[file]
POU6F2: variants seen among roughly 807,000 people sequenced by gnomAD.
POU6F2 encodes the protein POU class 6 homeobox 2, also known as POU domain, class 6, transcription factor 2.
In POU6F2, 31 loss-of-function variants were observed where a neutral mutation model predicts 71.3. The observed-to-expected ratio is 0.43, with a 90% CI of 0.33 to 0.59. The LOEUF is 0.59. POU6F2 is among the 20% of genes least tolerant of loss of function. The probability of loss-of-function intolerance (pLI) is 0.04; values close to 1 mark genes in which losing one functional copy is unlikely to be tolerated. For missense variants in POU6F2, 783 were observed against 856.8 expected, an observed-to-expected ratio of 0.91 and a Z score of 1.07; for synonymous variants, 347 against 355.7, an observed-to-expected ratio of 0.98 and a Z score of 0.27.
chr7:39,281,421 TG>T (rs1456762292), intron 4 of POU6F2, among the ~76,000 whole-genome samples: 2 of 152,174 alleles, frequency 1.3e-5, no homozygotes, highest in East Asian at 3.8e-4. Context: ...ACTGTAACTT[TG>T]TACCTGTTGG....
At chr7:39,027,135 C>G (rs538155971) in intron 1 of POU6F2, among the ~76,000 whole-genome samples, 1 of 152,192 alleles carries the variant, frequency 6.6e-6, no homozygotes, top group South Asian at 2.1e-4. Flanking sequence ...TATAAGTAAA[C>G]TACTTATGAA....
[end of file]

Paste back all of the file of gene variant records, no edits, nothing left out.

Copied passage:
POU6F2: variants seen among roughly 807,000 people sequenced by gnomAD.
POU6F2 encodes the protein POU class 6 homeobox 2, also known as POU domain, class 6, transcription factor 2.
In POU6F2, 31 loss-of-function variants were observed where a neutral mutation model predicts 71.3. The observed-to-expected ratio is 0.43, with a 90% CI of 0.33 to 0.59. The LOEUF is 0.59. POU6F2 is among the 20% of genes least tolerant of loss of function. The probability of loss-of-function intolerance (pLI) is 0.04; values close to 1 mark genes in which losing one functional copy is unlikely to be tolerated. For missense variants in POU6F2, 783 were observed against 856.8 expected, an observed-to-expected ratio of 0.91 and a Z score of 1.07; for synonymous variants, 347 against 355.7, an observed-to-expected ratio of 0.98 and a Z score of 0.27.
chr7:39,281,421 TG>T (rs1456762292), intron 4 of POU6F2, among the ~76,000 whole-genome samples: 2 of 152,174 alleles, frequency 1.3e-5, no homozygotes, highest in East Asian at 3.8e-4. Context: ...ACTGTAACTT[TG>T]TACCTGTTGG....
At chr7:39,027,135 C>G (rs538155971) in intron 1 of POU6F2, among the ~76,000 whole-genome samples, 1 of 152,192 alleles carries the variant, frequency 6.6e-6, no homozygotes, top group South Asian at 2.1e-4. Flanking sequence ...TATAAGTAAA[C>G]TACTTATGAA....